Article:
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Let $x$ and $y$ be elements that are not conjugate in $G$. Then there is some irreducible character $\chi$ such that $\chi(x) \not = \chi(y)$.

Clearly the "irreducible" part isn't important, since any character can be written as the sum of irreducible characters, but I'm having trouble going beyond that. I'd appreciate a good hint over a full answer, and I'd be most interested in a way to construct a group representation $\varphi:G \to GL(V)$ of $G$ such that the character of the representation takes different values on $x$ and $y$.

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Are you familiar with the orthogonality relations for columns of the character table? –  Qiaochu Yuan Sep 2 '12 at 5:27
What you probably want to do is show the irreps form a basis for the class functions out of $G$. –  anon Sep 2 '12 at 5:28

2 Answers 2

up vote 8 down vote accepted

$\def\ZZ\mathbb{Z}$A direct construction: Let the order of $x$ be $n$. For $a \in \ZZ/n$, let $$f(a) = \# \{ h : hxh^{-1} = x^a \} \quad \mbox{and} \quad g(a) = \# \{ h : h y h^{-1} = x^a \}.$$ By hypothesis, $f(1) \geq 1$ and $g(1)=0$, so $f$ and $g$ are not equal. Consider the degree $n-1$ polynomial $\sum_{a=0}^{n-1} (f(a)-g(a)) x^a$. Since it has degree $n-1$, and is not the zero polynomial, there is some $n$-th root of unity $\zeta$ such that $\sum_{a=0}^{n-1} (f(a)-g(a)) \zeta^a \neq 0$.

Let $W$ be the one dimensional representation of $\langle x \rangle$ where $x$ acts by $\zeta$. Let $V = \mathrm{Ind}_{\langle x \rangle}^G W$. Then $$\chi_V(x) = \frac{|G|}{n} \sum_{a =0}^{n-1} f(a) \zeta^a \quad \mbox{and} \quad \chi_V(y) = \frac{|G|}{n} \sum_{a=0}^{n-1} g(a) \zeta^a.$$ So $\chi_V(x) \neq \chi_V(y)$.

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Nice! For expository purposes, might it be good to start with the formulas for your induced char. on $x$ and $y$, and then introduce the rest as a means of forcing them to be distinct? –  S123 Apr 19 '13 at 23:45
Awesome, thanks. –  Carl Apr 24 '13 at 1:59

I don't think you can "construct" one canonically, but think about this ; the indicator function $f : G \to \mathbb C$ defined by $f(g) = 1$ if $g \in \mathcal K$ and $0$ if not, where $\mathcal K$ is some conjugacy class of $G$, is a class function. You have a theorem which tells you that the irreducible characters form a basis for the vector space of all class functions over $\mathbb C$. Therefore, if every irreducible character would be equal for $x \in \mathcal K$ and for $y \notin \mathcal K$, the function $f$, written as a linear combination of those characters, would necessarily have $f(x) = f(y)$ since this relation would hold for every irreducible character.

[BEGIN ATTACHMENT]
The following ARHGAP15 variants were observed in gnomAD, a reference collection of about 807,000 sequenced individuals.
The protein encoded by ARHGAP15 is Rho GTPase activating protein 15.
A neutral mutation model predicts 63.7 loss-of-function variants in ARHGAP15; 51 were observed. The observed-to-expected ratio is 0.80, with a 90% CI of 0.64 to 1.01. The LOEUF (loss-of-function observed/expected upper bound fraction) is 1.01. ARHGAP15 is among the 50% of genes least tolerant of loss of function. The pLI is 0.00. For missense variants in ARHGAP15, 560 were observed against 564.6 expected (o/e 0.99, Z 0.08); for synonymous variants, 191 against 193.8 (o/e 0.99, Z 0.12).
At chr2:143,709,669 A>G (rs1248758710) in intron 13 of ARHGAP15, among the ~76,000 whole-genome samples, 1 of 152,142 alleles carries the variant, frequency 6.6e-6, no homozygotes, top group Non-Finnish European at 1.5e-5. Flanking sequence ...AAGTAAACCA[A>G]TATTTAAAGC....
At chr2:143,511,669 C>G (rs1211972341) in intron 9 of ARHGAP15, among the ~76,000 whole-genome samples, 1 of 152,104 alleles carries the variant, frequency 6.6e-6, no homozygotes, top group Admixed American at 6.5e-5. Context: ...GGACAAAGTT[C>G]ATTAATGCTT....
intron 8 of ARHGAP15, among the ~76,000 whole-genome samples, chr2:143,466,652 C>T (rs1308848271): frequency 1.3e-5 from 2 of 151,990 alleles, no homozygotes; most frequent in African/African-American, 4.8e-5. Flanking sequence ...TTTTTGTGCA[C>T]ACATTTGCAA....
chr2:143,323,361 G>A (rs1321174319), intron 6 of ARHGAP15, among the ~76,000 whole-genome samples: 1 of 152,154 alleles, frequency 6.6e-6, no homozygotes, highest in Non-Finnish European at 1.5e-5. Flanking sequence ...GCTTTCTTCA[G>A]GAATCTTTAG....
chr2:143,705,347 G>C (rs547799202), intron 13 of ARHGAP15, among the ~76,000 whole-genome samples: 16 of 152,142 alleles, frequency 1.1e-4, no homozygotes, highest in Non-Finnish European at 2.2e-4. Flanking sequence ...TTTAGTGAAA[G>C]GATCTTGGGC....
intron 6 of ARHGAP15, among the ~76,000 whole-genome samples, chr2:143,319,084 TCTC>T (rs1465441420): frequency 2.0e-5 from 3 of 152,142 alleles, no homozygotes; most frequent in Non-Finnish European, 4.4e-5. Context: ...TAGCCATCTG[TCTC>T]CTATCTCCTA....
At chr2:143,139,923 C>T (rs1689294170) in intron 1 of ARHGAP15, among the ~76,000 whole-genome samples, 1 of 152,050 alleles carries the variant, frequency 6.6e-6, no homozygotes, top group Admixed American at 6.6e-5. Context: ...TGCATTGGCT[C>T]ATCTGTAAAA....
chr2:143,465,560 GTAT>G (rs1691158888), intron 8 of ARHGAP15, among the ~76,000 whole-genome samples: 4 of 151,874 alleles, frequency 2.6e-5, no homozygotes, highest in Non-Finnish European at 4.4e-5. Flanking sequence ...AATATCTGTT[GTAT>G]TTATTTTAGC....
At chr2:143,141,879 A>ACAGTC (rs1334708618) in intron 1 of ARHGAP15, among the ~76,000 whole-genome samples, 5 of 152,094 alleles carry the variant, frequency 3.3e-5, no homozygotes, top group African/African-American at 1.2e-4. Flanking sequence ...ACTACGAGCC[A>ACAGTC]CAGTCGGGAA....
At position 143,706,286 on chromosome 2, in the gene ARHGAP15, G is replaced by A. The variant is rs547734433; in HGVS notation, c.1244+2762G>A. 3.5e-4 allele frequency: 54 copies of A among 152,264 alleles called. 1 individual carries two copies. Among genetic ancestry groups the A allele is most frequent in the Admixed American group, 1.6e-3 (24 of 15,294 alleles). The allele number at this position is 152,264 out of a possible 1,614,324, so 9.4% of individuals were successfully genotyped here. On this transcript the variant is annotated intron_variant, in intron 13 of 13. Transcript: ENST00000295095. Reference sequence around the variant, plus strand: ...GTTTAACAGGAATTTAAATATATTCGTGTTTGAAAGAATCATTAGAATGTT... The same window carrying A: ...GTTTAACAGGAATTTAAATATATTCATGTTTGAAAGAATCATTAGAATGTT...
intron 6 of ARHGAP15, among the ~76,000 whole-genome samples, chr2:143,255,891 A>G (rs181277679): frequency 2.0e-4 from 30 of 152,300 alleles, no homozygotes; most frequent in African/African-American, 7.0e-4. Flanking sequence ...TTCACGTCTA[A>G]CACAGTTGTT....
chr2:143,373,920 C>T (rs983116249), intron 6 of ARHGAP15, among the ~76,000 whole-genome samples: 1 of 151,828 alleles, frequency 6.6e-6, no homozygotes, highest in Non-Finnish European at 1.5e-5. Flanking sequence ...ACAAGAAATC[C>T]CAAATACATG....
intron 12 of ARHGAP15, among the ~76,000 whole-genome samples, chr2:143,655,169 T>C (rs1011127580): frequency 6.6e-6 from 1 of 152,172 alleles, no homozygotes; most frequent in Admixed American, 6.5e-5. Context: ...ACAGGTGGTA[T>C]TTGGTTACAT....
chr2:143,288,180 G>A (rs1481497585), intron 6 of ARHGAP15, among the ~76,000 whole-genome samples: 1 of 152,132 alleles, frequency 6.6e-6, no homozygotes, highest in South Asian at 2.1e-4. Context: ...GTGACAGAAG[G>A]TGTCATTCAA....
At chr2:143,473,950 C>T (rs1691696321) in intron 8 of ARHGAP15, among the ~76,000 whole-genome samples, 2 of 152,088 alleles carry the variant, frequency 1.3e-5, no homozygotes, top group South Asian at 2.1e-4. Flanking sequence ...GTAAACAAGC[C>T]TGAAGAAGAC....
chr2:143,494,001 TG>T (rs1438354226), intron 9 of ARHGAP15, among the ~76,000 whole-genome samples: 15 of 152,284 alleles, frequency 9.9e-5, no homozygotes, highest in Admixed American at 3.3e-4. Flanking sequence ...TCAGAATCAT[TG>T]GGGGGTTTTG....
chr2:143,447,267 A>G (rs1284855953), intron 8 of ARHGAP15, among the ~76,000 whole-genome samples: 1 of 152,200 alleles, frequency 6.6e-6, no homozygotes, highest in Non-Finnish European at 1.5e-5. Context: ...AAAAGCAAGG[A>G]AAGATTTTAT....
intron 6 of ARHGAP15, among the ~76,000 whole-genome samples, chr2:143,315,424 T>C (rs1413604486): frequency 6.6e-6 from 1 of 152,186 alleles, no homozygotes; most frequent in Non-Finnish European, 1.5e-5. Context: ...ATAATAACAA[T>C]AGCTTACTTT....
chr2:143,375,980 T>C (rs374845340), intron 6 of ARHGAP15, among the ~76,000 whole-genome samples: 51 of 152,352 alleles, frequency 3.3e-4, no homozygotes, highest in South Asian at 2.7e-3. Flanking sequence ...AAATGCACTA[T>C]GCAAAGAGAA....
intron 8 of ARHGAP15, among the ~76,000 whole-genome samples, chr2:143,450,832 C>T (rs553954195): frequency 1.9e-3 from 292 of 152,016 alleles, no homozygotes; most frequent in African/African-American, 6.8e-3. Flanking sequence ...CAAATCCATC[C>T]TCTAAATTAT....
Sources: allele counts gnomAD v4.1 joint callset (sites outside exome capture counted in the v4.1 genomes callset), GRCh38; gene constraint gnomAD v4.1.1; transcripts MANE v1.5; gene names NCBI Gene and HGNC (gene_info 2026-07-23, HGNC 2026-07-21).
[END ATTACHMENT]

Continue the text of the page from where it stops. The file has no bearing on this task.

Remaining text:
I know the theorem I quoted holds over $\mathbb C$ but I am not sure for other fields, so I can tell you my argument works over arbitrary fields if the theorem also holds there, but otherwise I don't know.

Hope that helps,

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Thanks (to both you and the commenters). I'll hold off on accepting for a bit in case someone knows a canonical way to constructsuch a representation, but that at least answers the book's question! –  Carl Sep 2 '12 at 5:44
Everything is still the same over a field $k$ of characteristic not dividing the order of $|G|$ such that $k$ contains all of the $|G|^{th}$ roots of unity (the keyword here is splitting field: groupprops.subwiki.org/wiki/Splitting_field). Away from this case it can happen that the irreducible characters do not form a basis for the space of class functions (the simplest case is something like $C_3$ over $\mathbb{R}$, where there are only two irreducible characters; here the group algebra is $\mathbb{R} \times \mathbb{C}$). –  Qiaochu Yuan Sep 2 '12 at 6:03
math.stackexchange.com/a/188478 describes the elements that can be distinguished over a particular field whose characteristic does not divide the order of the group. –  Jack Schmidt Sep 2 '12 at 6:22
I don't know what exactly you're looking for a construction, but constructing the character table is perhaps a good way to start, since it gives you such a character ; are you planning to use this in an argument and you're looking for a more precise type of construction? –  Patrick Da Silva Sep 2 '12 at 6:46
@Carl: If $G$ is abelian this won't work well. The set will only contain 2 elements, and so if the orders are odd then both must act trivially. –  Jack Schmidt Sep 2 '12 at 7:45

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